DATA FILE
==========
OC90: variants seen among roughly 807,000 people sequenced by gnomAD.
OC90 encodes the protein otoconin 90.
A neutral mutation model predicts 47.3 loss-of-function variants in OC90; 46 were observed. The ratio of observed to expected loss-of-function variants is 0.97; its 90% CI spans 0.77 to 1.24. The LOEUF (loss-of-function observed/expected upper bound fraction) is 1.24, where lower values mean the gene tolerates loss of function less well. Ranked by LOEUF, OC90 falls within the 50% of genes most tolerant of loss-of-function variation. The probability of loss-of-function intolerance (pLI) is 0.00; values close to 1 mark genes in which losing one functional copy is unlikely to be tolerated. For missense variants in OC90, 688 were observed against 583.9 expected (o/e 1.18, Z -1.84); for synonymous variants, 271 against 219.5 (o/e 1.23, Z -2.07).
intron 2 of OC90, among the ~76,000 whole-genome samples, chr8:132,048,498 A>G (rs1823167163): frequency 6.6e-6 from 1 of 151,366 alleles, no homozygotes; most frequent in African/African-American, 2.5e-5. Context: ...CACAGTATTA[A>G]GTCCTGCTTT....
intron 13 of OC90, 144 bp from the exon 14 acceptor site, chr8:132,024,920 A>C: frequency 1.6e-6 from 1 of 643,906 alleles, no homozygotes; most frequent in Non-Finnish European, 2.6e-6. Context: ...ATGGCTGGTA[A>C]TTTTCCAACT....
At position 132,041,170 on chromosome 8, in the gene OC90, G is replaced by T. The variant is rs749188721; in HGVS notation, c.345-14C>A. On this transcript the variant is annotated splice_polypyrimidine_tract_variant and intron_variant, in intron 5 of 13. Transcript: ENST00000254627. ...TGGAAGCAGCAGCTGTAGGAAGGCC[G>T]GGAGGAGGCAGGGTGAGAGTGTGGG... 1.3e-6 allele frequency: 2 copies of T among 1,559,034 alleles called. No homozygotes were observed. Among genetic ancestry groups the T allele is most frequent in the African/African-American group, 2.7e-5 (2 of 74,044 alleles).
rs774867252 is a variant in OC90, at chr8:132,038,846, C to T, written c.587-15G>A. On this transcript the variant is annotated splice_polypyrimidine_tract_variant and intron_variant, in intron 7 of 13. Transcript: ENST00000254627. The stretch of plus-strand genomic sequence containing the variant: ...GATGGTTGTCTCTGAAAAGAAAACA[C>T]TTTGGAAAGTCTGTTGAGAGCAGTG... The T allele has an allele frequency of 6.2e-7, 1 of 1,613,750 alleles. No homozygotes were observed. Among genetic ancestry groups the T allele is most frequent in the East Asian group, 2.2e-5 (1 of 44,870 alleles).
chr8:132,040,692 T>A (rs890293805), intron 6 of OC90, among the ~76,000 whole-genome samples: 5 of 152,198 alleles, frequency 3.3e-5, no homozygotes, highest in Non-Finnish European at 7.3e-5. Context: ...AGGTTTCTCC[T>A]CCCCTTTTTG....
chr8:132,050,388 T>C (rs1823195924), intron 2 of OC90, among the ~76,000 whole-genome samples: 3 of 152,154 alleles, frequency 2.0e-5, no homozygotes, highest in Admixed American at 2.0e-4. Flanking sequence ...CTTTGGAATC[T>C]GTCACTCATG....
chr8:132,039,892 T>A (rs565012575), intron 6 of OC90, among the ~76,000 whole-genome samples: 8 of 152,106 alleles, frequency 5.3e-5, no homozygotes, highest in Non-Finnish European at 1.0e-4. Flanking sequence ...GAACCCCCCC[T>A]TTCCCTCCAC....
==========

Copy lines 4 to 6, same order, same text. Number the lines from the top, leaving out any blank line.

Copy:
intron 2 of OC90, among the ~76,000 whole-genome samples, chr8:132,048,498 A>G (rs1823167163): frequency 6.6e-6 from 1 of 151,366 alleles, no homozygotes; most frequent in African/African-American, 2.5e-5. Context: ...CACAGTATTA[A>G]GTCCTGCTTT....
intron 13 of OC90, 144 bp from the exon 14 acceptor site, chr8:132,024,920 A>C: frequency 1.6e-6 from 1 of 643,906 alleles, no homozygotes; most frequent in Non-Finnish European, 2.6e-6. Context: ...ATGGCTGGTA[A>C]TTTTCCAACT....
At position 132,041,170 on chromosome 8, in the gene OC90, G is replaced by T. The variant is rs749188721; in HGVS notation, c.345-14C>A. On this transcript the variant is annotated splice_polypyrimidine_tract_variant and intron_variant, in intron 5 of 13. Transcript: ENST00000254627. ...TGGAAGCAGCAGCTGTAGGAAGGCC[G>T]GGAGGAGGCAGGGTGAGAGTGTGGG... 1.3e-6 allele frequency: 2 copies of T among 1,559,034 alleles called. No homozygotes were observed. Among genetic ancestry groups the T allele is most frequent in the African/African-American group, 2.7e-5 (2 of 74,044 alleles).